Wednesday, November 10, 2004

My Problem with Zogby
Biur Chametz (actually blogger Zman Biur) kindly forwarded me John Zogby's mea culpa for blowing this election. Clearly Biur read my earlier post - since partially retracted - accusing Zogby of being a Democratic partisan. That is one of the issues Zogby addresses:
For those of you so kind to point out that my brother is on the executive committee of the Democratic National Committee, you need to understand that he was an active Democrat when my polling showed George Pataki defeating Mario Cuomo in 1994, when I had Bob Dole doing much better than other polls suggested against Bill Clinton in 1996, and when I polled for the National Republican Congressional Committee in 1998. It seems I spent lots of my time back then denying I was a Republican.

I find that reasonably convincing. He addressed another perception too:
And to those who note my Arab heritage and again my relationship with my brother, please read the Democratic National Committee position on the Middle East. It offered me no comfort.

Here I'm less convinced. Why? Because in the past he's done polls in the Arab world seemingly for the sole purpose of giving Shibley Telhami data, so Telhami can claim that the biggest problem facing the United States in the Middle East is its support of Israel. As Joseph Farah points out about these polls:
As pointed out by James Taranto of the Wall Street Journal, using Freedom House's annual survey of freedom in the world as a guide, only Kuwait among the nations surveyed is ranked even "partly free." Egypt, Lebanon, which is occupied by an Arab neighbor, and the Emirates are all ranked "not free." Saudi Arabia scores even lower in political rights and civil rights.

This context raises three questions unaddressed by Telhami and Zogby:

Are public opinion poll respondents free to express themselves in these countries?

To what extent does the leadership of these countries shape the public opinion through control of the media, the schools and other cultural institutions?

What difference does public opinion make in an authoritarian or totalitarian country?
Often people ask me if Arab public opinion – both in the Arab world and among Arabs living in the West – is as solidly anti-Israel as it appears in international media portrayals. The question is one that cannot be answered with any degree of assurance as Arab leaders do not submit themselves to the will of the people.

Clearly in police states like those named above, the public is not free to express opinions that might run counter to the official government line. Therefore, any such survey of public opinion will not be scientifically accurate or valid.

Secondly, these regimes devote a significant amount of resources to propaganda. And, despite the Internet, satellite television and short-wave radio, unofficial, alternative information sources are at a premium.

Lastly, since meaningful free elections are largely unknown in the Arab world, public opinion is worth about as much as this Zogby poll, which is to say nothing.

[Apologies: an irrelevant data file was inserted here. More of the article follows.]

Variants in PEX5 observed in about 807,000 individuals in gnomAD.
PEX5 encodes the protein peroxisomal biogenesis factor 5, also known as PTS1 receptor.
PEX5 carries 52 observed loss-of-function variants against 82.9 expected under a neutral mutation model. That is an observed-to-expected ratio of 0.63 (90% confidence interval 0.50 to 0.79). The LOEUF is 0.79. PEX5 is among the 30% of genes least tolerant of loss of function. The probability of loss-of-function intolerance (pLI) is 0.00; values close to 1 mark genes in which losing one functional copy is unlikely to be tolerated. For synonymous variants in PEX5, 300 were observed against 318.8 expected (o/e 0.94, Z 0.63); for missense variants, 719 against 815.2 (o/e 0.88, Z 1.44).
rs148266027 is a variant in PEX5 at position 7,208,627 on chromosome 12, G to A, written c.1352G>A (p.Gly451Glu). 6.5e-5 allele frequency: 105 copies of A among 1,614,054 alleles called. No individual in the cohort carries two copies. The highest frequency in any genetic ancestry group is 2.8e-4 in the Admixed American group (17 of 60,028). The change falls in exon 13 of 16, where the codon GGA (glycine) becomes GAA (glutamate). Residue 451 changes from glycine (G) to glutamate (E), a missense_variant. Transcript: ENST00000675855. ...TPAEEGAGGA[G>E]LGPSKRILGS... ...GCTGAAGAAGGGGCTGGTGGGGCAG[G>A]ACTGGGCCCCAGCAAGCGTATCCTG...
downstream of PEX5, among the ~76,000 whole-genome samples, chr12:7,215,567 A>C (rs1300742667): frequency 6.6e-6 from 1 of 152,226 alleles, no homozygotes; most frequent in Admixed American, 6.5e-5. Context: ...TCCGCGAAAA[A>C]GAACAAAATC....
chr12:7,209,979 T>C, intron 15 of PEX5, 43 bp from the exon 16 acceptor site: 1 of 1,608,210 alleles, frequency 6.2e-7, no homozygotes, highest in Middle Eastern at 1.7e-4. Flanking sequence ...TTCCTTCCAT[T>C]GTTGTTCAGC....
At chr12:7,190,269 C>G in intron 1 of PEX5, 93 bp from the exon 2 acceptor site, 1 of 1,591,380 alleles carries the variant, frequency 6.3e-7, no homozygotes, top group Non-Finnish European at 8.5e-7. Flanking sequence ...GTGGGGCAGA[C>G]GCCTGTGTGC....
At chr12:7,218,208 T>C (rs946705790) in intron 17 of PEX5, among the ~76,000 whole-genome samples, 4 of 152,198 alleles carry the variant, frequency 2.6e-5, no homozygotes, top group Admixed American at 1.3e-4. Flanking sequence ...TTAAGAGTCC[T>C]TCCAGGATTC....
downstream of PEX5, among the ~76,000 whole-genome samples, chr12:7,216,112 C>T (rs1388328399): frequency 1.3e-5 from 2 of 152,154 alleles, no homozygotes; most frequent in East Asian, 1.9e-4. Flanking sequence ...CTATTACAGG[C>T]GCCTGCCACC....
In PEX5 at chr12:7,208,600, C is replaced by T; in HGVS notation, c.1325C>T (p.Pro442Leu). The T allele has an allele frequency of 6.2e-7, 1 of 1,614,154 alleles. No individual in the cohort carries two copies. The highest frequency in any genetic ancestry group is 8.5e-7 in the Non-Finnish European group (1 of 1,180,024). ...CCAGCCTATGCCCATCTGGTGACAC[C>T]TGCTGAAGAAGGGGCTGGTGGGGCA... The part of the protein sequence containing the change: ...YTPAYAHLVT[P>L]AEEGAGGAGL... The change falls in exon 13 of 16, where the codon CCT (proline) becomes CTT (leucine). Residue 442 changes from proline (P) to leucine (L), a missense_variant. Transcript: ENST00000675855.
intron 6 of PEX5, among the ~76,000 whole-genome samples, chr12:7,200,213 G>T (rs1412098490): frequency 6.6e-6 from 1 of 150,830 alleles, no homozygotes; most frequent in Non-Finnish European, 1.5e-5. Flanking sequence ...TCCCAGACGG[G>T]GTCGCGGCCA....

Zogby (and Telhami) know all this but they go through the motions of taking a poll to prove their point. They know what the answers will be before they start. They just want to give their own views "scientific" credibility. What they're doing with these polls is dishonest.

And even if I find Zogby's protestation of impartiality convincing, that doesn't necessarily clear him of bad faith. RealClearPolitics noted:
6) Zogby
Failed to Project Winner: 27.3% | Average Error = 3.6

As we all know, Zogby had been on record for months saying that Kerry was going to win this race. Despite his final tracking poll that put Bush ahead by one point nationally, Zogby's polling at the state level reflected his belief that Kerry was going to be the beneficiary of huge turnout - especially among the youth vote. The result is that Zogby missed three of the eleven states he polled in (FL, IA, and NM), had a relatively high error rate across the board (3.8%), and his numbers generally skewed in favor of John Kerry.

Adding insult to injury, Zogby's bizarre election day antics calling for "surprises" in Colorado and Virginia and a decisive 311 electoral vote victory for Kerry suggest he was relying on (not to mention taken in by) the badly skewed early exit poll data.

Let's be honest: Zogby's conduct this year bordered on outrageous. No other independent pollster was out making public predictions of a John Kerry or George W. Bush victory months before hand. And no other pollster decided to wait until 5:30pm Eastern time on election day to post their final numbers.

Yesterday however, RealClearPolitics quotes from Zogby's apology and seems to have softened its stand a little.
So the question is, what purpose is served (other than perhaps self aggrandizement) by polling on election day and releasing "final" numbers at 5:30pm Eastern when the polls in many states on the East Coast start closing shortly thereafter? I'm not sure Zogby has fully explained that one.

NOTE:I found RealClearPolitics ranking of the battleground pollsters rather interesting. Numbers 2 and 3 were Rasmussen and Survey USA. Survey USA as RCP notes:
Some people have questioned methodology and reliability of SurveyUSA's polls.
(Survey USA had a poll in the early fall showing Maryland tied.) Indeed, The Washington Post reported in "In Such a Tight Race, Pollster Sees a Profit" that both firms are criticized for their automatic polling. Rasmussen is criticized because he just polls for profit. *Gasp* (Why that makes him less reliable than someone polling for a political party is not explained by the article.) And Zogby, who was a lot less reliable than Rasmussen and Survey USA this year got to host his own Live Online chat session at the Washington Post right before the election. Go figure.

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